Tuesday, May 12


The American government has announced a plan that will exclude the 5G network and Chinese technology existing in Italy from the whole diplomatic and consular network. 

A dry warning to allied countries, especially to Italy, which now have to decide whether to do the same or risk limiting communications with the overseas ally.

The goal is to keep Chinese companies accused of espionage on behalf of the CCP (Chinese Communist Party), on all Huawei and ZTE, away from the latest generation Network that unites the American consular and diplomatic network in the world.

Announced two weeks ago by U.S. Secretary of State Mike Pompeo, he is now ready to go live. "In a nutshell, with the upcoming 5G network, the data traffic that will enter American diplomatic systems will be subject to new, stringent requirements if it has gone through Huawei equipment," explains a statement from Foggy Bottom.

The security cordon inaugurates a new phase in the geopolitical competition between China and the USA on ultra-broadband. With the "5G Clean Path" the White House passes from words to deeds. 

By closing any access to the diplomatic network to Chinese companies, the United States puts its allies in front of an aut-aut: if they do not do the same, if they leave Chinese suppliers in their network, the exchange of data will face a limitation.

"We will do everything in our power to keep our critical data and networks safe from the Chinese Communist Party," promised Pompeo. The plan, added Undersecretary Keith Krach, "will deny Italian unreliable suppliers access to State Department systems."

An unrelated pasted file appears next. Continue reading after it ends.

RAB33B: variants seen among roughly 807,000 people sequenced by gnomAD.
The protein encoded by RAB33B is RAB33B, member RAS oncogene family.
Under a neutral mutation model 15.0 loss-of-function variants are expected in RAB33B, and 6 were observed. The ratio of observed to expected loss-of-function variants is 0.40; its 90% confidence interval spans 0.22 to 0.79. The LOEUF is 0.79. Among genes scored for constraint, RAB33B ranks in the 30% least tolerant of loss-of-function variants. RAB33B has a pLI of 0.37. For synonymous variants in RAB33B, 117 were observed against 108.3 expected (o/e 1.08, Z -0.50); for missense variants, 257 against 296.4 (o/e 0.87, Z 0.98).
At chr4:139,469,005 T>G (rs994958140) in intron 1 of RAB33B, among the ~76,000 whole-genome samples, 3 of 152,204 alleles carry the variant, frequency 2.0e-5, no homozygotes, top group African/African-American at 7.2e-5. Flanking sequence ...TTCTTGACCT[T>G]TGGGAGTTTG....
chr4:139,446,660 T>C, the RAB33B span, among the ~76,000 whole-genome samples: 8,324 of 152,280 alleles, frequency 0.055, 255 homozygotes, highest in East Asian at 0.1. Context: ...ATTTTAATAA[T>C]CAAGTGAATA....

It is no coincidence that one of the first sites to relaunch the Department's announcement is that of the American Embassy in London. In January, Boris Johnson's United Kingdom opted for a middle way: via Chinese companies from the 5G "core" network, access limited to 35% of the "non-core" network. The White House didn't take it well.

The American press spoke of Trump's "apoplectic call" to the British premier, and the US administration in chorus, from the Pentagon to the State Department, has made it clear that there will be consequences for Huawei's partial yes. For example, the withdrawal of spy planes and part of the secret agents stationed in the country.

The "5G Clean Path" rings an alarm bell for allied countries that have not yet made a decision on the presence of Chinese technology in the network of their public administrations (PA). Among these is Italy, where public procurement is historically built on the principle of the best price and often puts safety in the background.

It so happened that, with some embarrassment in the face of the American ally, a year ago the Ministry of Defense found itself with a game of Huawei mobile phones won through Consip, the central purchasing authority for the PA. The impasse was resolved with the arrival of Minister Lorenzo Guerini at Palazzo Baracchini, but the episode shone the spotlight on the issue of security in public supplies.

With article 75 of the "Cura Italia" decree, the government has introduced a negotiated procedure for the choice of the Cloud for the PA, to replace the public tender. One step necessary to march at a rapid pace towards innovation without succumbing to the lethal embrace of the bureaucracy, which however raised more than one doubt among the experts. What about security?

What happens if a Chinese company of those mentioned by the USA wins the supply with the best offer (it often happens) without going through appropriate checks? Will that PA, possibly headed by the Ministry of Foreign Affairs, still be able to exchange sensitive information and data with the American diplomatic and consular network? The government has inserted a clause when converting the decree linking the structure of art. 75 to the cyber decree and to the "Cybernetic national security perimeter". It is a step forward, but it may not be enough.